Did you know the world is close to landing on a comet? Here's why that's a really big deal


Cue the drumroll, space enthusiasts, because this is a big deal.

After a chase that lasted 10 years and covered billions of space miles, a European Space Agency spacecraft named Rosetta became the first to orbit a comet early Wednesday, and the images it's sent back so far are stunning (if you are into this sort of thing. And you should be.)

Here's another photo, taken just 60 miles from the giant ball of ice and dust that's traveling an estimated 34,000 miles per hour:


And another crazy image taken from a bit further away on Aug. 2, doing what comets do, burning off ice and water and stuff:


Rosetta is now trying to follow the comet known as 67P/Churyumov–Gerasimenko (or "Chury" for short) as it hurtles toward the sun. It rendevouzed with Chury early Wednesday somewhere before the orbits of Mars and Jupiter, and the ESA hopes to actually land on the comet sometime in November. That would be another — very important — first. But more on that in a bit.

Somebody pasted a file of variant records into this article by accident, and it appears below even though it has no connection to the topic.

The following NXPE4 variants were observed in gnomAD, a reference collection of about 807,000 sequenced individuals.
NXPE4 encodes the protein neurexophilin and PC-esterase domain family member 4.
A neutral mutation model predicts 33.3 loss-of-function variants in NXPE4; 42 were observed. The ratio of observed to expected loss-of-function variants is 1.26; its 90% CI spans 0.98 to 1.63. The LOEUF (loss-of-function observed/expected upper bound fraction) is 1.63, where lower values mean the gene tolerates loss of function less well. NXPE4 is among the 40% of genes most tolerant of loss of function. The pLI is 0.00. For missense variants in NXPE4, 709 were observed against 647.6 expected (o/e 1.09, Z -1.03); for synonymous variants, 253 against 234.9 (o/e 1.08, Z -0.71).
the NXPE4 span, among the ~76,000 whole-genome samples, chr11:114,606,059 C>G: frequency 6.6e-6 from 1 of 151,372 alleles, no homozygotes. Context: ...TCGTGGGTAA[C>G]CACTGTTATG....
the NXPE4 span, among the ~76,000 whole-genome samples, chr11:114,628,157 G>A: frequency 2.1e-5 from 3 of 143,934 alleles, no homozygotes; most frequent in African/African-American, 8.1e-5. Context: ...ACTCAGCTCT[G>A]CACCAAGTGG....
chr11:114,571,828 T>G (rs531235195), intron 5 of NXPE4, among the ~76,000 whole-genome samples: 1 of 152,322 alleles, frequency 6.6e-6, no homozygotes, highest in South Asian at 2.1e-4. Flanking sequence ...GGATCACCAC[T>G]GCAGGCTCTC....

First, here's why even orbiting a comet is a huge deal.

Comets are made from the same stuff the solar system was originally made from, and some scientists have even suggested that the water we have here on Earth came from comets. So if scientists can get a better understanding of comets, they can learn a whole lot more about how stars and planets form, and maybe even the universe as a whole.

There's also a real, albeit very slim, chance that a comet could one day hit Earth (think "Deep Impact" and those other comet apocolypse movies from the late 90s). To say that would be a global catastrophe is a huge understatement, and understanding more about comets could help keep that from happening.

Attempts to orbit and/or land on comets have failed in the past. NASA gave it a try with its Deep Impact spacecraft launched nine years ago. And while it did fire a projectile into a comet to study the material it created, the probe was declared dead in September 2013 and the mission aborted.

NASA did manage to land on an asteroid in 2001, but that's a lot less of a crazy feat than a comet. Comets are much more volatile places, not only because they travel faster but because they release dust and gas that can damage a spacecraft.

“Arriving at (Rosetta) is really only just the beginning of an even bigger adventure, with greater challenges still to come as we learn how to operate in this unchartered environment, start to orbit and, eventually, land,” Sylvain Lodiot, ESA’s Rosetta spacecraft operations manager, was quoted as saying.

Here's video of Rosetta's arrival and orbit from early Wednesday:

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